“We are continuously looking for candidates who bring the right skills, attitudes, hard skills, and soft skills. I’ve certainly been struck by the number of people who received service or volunteered for our organization as first steps, then saw what we were doing, saw the impact of our work, and how we did that work, who were then motivated to apply for a paid position with us. It’s incredibly inspiring.” – Jonathan Oldman

Katie Koncan concurs. 

“I have seen that at a number of organizations where I’ve worked. If you have somebody who’s been volunteering with you for a little while, it’s kind of like they’re pre-vetted; you know them, you have a sense of them and their work ethic, and how they engage with the rest of the team.” – Katie Koncan

“We’re Really Open to Making it Work”: Connecting in Person and Digitally with Staff and Stakeholders

Paper dolls are shown, to provide contrast to the individualism experienced while working at a not-for-profit.

Like everyone else, not-for-profits scrambled to adapt when the pandemic arrived. This meant finding new ways for staff to interact not only with one another, but with clients, donors, and other stakeholders as well. 

Amanda Burrows explains that First United has a flexible attitude toward hybrid work arrangements. 

“Covid obviously exposed different ways of working. As long as you’re productive, you know what you’re supposed to be accomplishing, and you still feel connected with your colleagues, whether that happens at home or at the office, we’re really open to making it work.” – Amanda Burrows, First United

Of course, there are limitations to what can be done virtually. Given the nature of the services that First United provides to community members, some staff are needed on site. “Our frontline staff have to always be there, 24/7,” Burrows explains. 

Staying engaged with donors is a pivotal part of success for not-for-profits and this, too, has evolved. 

“We have to engage and talk to our donors. Typically in the ‘before times’ we would be going out for a lot of coffee meetings. We all pivoted to digital and I loved it.”

“It’s no secret that we have an ageing population and with that comes mobility challenges. Virtual meetings allow us to address these challenges without losing the face-to-face aspect. Seeing someone, even on a screen, allows us to pick up on social cues and, frankly, being able to put a face to a name is head and shoulders above talking on the phone. It helps to build trust and those relationships that are really critical.” – Katie Koncan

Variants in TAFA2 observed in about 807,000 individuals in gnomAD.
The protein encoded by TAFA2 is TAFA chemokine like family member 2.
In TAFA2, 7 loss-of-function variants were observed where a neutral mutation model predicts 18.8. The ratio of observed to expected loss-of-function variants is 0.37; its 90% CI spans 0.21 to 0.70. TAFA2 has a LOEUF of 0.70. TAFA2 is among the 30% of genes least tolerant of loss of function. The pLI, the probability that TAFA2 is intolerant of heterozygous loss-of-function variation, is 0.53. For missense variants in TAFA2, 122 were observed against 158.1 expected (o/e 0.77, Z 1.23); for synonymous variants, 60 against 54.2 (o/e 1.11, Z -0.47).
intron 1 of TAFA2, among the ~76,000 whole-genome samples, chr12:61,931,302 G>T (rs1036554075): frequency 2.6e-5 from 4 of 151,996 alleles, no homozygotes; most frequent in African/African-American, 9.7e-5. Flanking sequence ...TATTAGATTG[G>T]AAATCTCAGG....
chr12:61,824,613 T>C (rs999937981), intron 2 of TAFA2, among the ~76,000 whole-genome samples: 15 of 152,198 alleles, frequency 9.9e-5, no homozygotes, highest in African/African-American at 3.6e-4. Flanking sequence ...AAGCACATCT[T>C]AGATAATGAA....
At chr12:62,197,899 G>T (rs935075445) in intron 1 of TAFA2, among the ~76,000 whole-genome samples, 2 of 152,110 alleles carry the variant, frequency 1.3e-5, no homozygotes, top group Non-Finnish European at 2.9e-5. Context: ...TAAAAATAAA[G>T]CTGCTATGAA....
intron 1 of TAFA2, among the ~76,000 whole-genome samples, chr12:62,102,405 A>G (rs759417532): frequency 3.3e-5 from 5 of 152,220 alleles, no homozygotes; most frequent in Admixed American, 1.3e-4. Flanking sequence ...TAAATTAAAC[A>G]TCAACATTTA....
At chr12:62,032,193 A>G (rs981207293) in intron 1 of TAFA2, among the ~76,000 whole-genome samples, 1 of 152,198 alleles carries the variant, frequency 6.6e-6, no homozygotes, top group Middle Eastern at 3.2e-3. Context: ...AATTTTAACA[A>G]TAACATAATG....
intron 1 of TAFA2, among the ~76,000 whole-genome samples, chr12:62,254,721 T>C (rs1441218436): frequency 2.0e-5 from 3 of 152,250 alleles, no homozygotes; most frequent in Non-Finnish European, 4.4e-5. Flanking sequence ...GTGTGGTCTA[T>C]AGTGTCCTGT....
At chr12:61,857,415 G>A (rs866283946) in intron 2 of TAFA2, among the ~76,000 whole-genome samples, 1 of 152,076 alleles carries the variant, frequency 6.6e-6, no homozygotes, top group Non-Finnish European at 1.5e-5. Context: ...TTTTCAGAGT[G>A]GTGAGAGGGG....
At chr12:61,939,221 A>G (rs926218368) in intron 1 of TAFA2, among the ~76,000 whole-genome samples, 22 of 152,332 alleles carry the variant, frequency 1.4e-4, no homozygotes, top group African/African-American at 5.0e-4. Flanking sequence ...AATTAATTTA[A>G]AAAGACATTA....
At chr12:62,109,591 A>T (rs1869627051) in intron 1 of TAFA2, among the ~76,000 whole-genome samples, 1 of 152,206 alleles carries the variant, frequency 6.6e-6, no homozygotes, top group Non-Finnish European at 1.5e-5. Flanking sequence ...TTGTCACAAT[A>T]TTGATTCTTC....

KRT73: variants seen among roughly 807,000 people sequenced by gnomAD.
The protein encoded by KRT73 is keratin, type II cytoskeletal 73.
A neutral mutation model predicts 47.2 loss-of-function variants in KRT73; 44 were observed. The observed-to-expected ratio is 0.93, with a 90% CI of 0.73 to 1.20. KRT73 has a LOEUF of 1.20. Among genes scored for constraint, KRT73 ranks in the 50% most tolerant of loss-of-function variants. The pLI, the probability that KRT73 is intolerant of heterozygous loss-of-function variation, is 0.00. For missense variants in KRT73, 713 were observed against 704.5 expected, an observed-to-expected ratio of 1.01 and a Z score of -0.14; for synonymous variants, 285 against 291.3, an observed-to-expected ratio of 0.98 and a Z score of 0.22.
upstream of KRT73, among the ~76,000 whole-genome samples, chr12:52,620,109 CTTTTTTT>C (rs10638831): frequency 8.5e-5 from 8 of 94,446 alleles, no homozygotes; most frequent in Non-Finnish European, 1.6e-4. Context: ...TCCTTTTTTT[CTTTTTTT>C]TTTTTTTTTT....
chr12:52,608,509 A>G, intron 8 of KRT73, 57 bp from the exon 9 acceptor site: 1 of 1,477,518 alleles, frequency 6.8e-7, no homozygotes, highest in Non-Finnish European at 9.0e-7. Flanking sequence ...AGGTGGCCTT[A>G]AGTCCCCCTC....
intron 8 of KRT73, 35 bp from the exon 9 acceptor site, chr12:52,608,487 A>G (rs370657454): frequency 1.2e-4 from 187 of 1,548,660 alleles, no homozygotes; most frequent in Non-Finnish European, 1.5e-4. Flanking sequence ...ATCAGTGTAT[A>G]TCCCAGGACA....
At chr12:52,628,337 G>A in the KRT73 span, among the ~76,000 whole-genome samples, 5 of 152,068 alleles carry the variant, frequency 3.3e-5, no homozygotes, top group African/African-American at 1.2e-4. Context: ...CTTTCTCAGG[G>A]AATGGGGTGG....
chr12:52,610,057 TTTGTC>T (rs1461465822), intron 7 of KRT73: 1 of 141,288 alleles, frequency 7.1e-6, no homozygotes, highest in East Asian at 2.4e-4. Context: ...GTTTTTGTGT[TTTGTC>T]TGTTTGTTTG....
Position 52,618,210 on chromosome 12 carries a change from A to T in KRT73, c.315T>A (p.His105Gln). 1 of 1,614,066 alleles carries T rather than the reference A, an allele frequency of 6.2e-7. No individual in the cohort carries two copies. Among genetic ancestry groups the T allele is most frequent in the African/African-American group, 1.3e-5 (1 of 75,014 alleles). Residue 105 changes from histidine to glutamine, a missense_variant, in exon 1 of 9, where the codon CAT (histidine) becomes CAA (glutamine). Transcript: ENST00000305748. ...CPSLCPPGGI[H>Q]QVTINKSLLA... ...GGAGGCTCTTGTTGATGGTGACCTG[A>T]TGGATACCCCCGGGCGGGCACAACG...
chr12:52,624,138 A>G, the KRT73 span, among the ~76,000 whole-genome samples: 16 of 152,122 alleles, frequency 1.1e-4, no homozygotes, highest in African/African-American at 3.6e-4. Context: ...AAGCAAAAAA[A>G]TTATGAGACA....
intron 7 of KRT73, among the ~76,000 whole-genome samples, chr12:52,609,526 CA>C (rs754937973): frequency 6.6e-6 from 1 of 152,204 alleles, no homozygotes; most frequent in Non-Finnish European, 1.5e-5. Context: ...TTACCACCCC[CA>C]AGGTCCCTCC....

Events are an important component of fundraising as well, which forced not-for-profits to get creative during lockdowns. Virtual events and other means of remote engagement became commonplace. While many of these were successful, there is something to be said for in-person engagement. First United holds an annual golf tournament which had to be cancelled in 2020 and altered for safety in 2021. Koncan is happy to report that the 2022 version will be business as usual. 

“On May 30 we’re hosting our tournament again and it will look just like it did before. The excitement is incredible! People have been itching for this opportunity to get back in person again and actually meet a lot of the new staff who are involved. I think it’ll blow the socks off of previous years.” – Katie Koncan

“We Don’t Want to Do It in a Voyeuristic Way”: Decolonizing Philanthropy

A man takes a picture of a person who is unhoused, providing contrast to the decolonized approach favoured by those working at not-for-profits.

First United’s Amanda Burrows spoke about efforts in the not-for-profit sector to change attitudes about philanthropy. 

“Because we’re in this sector together, trying to address social problems, we also need to put a mirror up to our own work as well, when we’re in these communities. We’re trying to expand the scope of what it means to work in the charitable sector and to serve.” 

“We no longer will name anything in our building after donors, which is pretty provocative in the fundraising philanthropy scene. We try not to do hierarchical recognition of donors who give more. We like to celebrate with somebody who gives relative to what they can give. We do want events and engagement and to bring awareness into mobilization about making changes in the community, but we don’t want to do it in a voyeuristic way, or with a ‘saviour complex’, as it’s often called.” – Amanda Burrows

“This is Not a Place Where You Put Your Feet Up”: Challenges and Misconceptions in Not-for-Profits

Many employees who leave the corporate world to work in the not-for-profit sector do so under the misconception that it will be less of a grind or that they’re bringing in particularly special skills or work ethic. The professionals we spoke with have other news. 

“There’s a perception that the not-for-profit world is easier; that it might be less challenging or involve less work than the corporate world. That has not been my experience.” – Mary Anne Perta